[Image courtesy of nysonglines]
In the first year of this blog, I have blogged numerous times about issues in New York City - and the public frustration (mirrored in the media) about the ongoing problems at the New York City Board of Elections.
I didn't think it was possible for the situation to get any more heated. I was wrong.
The results of the June 26 federal primary - in particular, the closely-watched race for Congress between longtime incumbent Charles Rangel and challenger Adriano Espaillat - have been called into question after it was revealed that Election Night results showing a 20-point victory by Rep. Rangel masked a much closer race. Indeed, the most recent counts show Rangel with a lead of just 802 votes.
In addition, stories after the election reported that 79 precincts, many of them in areas thought to be strong for Espaillat, had initially reported vote totals of zero on Election Night. Moreover, many supporters of Espaillat reported that they were told their names were not on the rolls and asked to fill out affidavit (provisional) ballots. Because of these problems, Espaillat has begun steps to secure a recount, and is asking for monitors to oversee the count and any further proceedings, which he says could include a re-run.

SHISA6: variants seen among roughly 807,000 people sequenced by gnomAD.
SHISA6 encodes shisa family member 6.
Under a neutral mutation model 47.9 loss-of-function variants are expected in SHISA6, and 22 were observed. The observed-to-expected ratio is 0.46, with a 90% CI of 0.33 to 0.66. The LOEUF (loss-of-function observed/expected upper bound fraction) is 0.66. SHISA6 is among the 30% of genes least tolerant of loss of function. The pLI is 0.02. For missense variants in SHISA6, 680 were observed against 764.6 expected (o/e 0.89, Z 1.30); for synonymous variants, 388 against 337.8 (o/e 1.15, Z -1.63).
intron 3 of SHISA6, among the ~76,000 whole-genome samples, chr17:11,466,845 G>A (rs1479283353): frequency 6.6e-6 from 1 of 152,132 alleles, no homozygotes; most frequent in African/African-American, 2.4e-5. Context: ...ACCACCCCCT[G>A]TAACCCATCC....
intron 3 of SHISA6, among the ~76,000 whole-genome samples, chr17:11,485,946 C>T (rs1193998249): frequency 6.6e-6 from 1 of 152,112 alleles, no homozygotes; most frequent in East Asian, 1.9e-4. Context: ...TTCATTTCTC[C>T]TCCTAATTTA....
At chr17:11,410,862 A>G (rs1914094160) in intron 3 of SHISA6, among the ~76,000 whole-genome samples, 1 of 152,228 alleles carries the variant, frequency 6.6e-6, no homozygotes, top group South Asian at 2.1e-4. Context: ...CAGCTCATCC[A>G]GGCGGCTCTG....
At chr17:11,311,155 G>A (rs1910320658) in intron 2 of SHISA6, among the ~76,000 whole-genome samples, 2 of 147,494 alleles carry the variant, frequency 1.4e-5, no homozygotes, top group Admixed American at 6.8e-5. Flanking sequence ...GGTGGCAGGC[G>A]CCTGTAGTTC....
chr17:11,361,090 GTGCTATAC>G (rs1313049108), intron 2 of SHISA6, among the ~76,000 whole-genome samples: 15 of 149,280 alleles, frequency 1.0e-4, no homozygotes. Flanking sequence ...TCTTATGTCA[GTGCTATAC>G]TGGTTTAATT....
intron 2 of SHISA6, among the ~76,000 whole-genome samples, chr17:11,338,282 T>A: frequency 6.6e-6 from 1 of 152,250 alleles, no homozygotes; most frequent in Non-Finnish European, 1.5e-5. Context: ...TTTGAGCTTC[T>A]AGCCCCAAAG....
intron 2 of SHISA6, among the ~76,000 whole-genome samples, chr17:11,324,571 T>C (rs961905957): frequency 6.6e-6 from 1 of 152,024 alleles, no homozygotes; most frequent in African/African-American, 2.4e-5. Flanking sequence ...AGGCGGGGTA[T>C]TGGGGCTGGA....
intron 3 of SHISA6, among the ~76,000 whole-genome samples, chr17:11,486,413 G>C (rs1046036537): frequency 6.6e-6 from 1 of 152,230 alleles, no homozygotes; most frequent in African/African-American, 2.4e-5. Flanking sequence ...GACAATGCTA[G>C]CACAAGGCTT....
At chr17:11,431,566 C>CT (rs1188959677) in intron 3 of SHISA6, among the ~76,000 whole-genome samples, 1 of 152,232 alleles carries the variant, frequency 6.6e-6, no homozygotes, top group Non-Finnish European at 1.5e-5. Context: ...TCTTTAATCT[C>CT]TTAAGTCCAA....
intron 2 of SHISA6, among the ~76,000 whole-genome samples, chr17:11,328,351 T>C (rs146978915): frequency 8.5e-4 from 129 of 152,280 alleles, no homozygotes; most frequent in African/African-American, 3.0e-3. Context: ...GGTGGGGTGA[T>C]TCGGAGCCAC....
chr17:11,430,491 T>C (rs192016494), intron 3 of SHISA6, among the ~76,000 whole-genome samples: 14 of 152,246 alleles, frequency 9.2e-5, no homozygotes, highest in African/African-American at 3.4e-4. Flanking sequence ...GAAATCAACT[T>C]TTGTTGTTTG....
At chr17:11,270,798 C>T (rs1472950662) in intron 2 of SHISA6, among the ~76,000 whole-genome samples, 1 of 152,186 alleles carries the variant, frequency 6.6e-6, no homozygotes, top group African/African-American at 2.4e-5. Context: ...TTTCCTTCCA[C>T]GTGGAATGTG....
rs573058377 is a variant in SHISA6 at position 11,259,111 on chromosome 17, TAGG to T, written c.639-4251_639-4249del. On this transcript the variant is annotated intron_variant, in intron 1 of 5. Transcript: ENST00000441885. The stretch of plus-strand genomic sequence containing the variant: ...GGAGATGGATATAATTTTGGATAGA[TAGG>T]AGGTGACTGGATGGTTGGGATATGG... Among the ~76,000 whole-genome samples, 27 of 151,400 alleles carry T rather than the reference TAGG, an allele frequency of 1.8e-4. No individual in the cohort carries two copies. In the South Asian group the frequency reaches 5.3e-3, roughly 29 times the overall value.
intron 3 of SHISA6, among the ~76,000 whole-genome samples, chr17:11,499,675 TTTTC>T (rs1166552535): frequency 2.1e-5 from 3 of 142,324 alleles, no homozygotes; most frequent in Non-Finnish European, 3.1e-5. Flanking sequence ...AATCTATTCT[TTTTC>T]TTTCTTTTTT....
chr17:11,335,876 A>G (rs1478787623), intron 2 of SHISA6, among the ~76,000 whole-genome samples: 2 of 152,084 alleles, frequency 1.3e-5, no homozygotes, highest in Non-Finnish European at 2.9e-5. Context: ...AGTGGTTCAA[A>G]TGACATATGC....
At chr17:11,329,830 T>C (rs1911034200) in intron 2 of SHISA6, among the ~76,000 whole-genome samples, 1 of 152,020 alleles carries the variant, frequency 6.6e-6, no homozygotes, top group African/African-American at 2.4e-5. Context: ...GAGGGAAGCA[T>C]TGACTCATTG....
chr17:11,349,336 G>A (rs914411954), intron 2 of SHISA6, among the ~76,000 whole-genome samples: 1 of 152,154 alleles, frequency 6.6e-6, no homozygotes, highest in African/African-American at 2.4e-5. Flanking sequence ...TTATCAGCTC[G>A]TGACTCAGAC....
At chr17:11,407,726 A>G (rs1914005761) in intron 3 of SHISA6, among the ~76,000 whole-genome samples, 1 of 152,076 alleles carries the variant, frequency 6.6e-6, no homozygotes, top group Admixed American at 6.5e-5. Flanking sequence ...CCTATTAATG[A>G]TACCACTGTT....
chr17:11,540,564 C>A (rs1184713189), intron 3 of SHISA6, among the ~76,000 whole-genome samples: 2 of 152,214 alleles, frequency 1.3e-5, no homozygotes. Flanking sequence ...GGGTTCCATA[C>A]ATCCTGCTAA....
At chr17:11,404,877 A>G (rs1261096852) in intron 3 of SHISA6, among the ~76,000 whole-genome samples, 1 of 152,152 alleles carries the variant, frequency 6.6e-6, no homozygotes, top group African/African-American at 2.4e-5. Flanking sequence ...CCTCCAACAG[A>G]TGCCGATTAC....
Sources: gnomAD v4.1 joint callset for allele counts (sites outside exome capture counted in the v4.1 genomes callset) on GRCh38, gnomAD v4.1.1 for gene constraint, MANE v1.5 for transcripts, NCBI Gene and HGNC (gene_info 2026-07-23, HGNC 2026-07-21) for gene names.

Problems like this are a nightmare for any election office, but it appears that they're increasingly commonplace in New York City. This latest problem has, if possible, raised media scorn to new heights. Consider the following passage from a recent story (note: NOT an op-ed) in the New York Times:
There is broken, and maddening, and politically wired, not to mention patronage-encrusted. Then there is the New York City Board of Elections, which manages to ball all of those into a wildly dysfunctional planet.
The Rangel-Espaillat race will eventually be resolved, one way or another. But the ongoing problems at the Board of Elections - which seem to be uniting most of New York in a sense of incredulity - are going to need attention immediately if not sooner.